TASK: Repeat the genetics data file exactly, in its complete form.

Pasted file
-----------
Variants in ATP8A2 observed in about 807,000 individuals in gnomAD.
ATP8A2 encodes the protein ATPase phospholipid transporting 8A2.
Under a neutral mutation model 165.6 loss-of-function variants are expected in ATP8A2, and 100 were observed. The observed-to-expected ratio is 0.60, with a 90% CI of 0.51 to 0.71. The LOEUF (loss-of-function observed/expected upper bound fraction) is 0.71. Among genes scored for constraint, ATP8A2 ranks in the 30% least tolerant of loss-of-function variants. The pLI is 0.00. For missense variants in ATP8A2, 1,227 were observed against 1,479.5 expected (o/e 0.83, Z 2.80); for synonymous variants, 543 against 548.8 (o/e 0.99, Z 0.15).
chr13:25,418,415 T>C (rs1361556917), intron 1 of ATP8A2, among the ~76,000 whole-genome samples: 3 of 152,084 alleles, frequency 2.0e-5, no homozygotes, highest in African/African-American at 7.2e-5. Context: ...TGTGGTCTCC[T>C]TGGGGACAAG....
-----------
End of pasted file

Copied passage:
Variants in ATP8A2 observed in about 807,000 individuals in gnomAD.
ATP8A2 encodes the protein ATPase phospholipid transporting 8A2.
Under a neutral mutation model 165.6 loss-of-function variants are expected in ATP8A2, and 100 were observed. The observed-to-expected ratio is 0.60, with a 90% CI of 0.51 to 0.71. The LOEUF (loss-of-function observed/expected upper bound fraction) is 0.71. Among genes scored for constraint, ATP8A2 ranks in the 30% least tolerant of loss-of-function variants. The pLI is 0.00. For missense variants in ATP8A2, 1,227 were observed against 1,479.5 expected (o/e 0.83, Z 2.80); for synonymous variants, 543 against 548.8 (o/e 0.99, Z 0.15).
chr13:25,418,415 T>C (rs1361556917), intron 1 of ATP8A2, among the ~76,000 whole-genome samples: 3 of 152,084 alleles, frequency 2.0e-5, no homozygotes, highest in African/African-American at 7.2e-5. Context: ...TGTGGTCTCC[T>C]TGGGGACAAG....